Don’t Forget the Flood

The readership of this blog was initially built through those who cared deeply about Pakistan, her people, her land, her resources and her future. Because of that, I will continue to beat the point home on the help needed of any variety, be it prayer, finances and on site work. I am hopeful that I will be able to go again in the next 6 months.

The Kaiser Daily Global Health Policy Report published this information last Friday on their weekly summary:

Two million Pakistanis have become ill from malaria, diarrhea, skin diseases or snake bites “since monsoon rains left the southern region under several feet of water, the country’s disaster authority said Thursday,” Agence France-Presse reports. “More than 350 people have been killed and over eight million people have been affected this year by floods that officials say are worse in parts of Sindh province than last year,” the news agency reports.

According to the WHO, a lack of access to clean drinking water has set off some disease outbreaks, AFP notes (9/22). “Officials have also expressed fears … that the problems affecting the southern province are only getting more acute,” BBC News writes. The U.N. last week launched an appeal for $365 million to help aid those in Sindh and Balochistan provinces affected by the flooding, the news agency notes (9/22).

The Boston Globe captured, in pictures, the human need around the world as a result of too much water. They rightly point out that water, so essential to life worldwide, has caused misery and tragedy in many places of the world in recent months. Take a look at what the Globe has captured in “Too Much of a Basic Need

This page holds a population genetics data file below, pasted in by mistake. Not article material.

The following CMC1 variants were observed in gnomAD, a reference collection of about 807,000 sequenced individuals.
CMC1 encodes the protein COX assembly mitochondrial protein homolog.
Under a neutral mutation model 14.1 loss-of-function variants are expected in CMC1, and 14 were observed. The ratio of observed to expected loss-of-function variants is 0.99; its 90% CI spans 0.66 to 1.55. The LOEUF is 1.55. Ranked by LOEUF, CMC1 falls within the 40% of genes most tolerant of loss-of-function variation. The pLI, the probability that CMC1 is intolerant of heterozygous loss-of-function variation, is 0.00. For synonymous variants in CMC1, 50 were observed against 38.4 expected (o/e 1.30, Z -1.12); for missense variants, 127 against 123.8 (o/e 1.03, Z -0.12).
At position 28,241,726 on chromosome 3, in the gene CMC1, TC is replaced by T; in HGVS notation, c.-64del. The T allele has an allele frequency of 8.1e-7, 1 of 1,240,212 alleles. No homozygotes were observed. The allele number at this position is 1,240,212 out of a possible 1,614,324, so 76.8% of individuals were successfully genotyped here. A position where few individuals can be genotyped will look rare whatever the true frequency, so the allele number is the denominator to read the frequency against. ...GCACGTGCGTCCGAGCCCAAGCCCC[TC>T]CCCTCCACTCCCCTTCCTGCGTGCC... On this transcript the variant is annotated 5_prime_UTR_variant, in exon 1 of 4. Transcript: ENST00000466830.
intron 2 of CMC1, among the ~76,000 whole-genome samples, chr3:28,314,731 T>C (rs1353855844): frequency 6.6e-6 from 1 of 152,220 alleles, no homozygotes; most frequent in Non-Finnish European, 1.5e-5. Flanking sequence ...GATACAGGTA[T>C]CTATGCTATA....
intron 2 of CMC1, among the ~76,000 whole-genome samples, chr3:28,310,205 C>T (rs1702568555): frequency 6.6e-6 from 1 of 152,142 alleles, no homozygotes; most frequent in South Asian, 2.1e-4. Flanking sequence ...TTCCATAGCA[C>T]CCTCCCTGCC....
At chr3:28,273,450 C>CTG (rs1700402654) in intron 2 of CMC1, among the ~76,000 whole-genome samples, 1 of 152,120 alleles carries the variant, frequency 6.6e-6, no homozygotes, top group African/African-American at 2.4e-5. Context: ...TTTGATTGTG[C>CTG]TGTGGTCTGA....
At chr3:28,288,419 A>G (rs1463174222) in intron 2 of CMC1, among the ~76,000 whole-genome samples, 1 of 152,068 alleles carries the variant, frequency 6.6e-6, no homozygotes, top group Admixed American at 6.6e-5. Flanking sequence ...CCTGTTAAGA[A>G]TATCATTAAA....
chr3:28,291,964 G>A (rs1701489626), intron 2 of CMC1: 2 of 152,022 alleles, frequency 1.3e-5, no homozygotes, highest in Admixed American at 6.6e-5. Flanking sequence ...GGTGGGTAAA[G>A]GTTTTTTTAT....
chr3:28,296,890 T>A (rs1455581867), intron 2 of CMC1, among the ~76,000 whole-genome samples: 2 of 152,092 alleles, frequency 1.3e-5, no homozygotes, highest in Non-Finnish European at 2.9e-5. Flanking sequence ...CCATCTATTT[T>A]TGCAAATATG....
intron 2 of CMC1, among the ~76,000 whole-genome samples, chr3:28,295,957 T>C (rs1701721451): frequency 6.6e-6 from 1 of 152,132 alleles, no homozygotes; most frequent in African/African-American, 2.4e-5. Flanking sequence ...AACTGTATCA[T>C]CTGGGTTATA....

There are no words for what you will see and feel. I don’t bring this up on a Friday to depress, but I do bring it up to remind myself, and others, to do what we can to help.

Blogger’s Note: My wonderful partner in friendship and health care, Carol Brown, has a busy few months ahead as she and her husband prepare to go to Oxford and begin the Institute for the Study of Religion in the Middle East. My hope is that as I give her a shout-out in this blog (read: shame her publicly), she will realize she can squeeze in a trip for flood relief with me (even as she marries off a daughter, sells a home of many years, and prepares for a totally new life – not too much to ask, is that wrong of me?)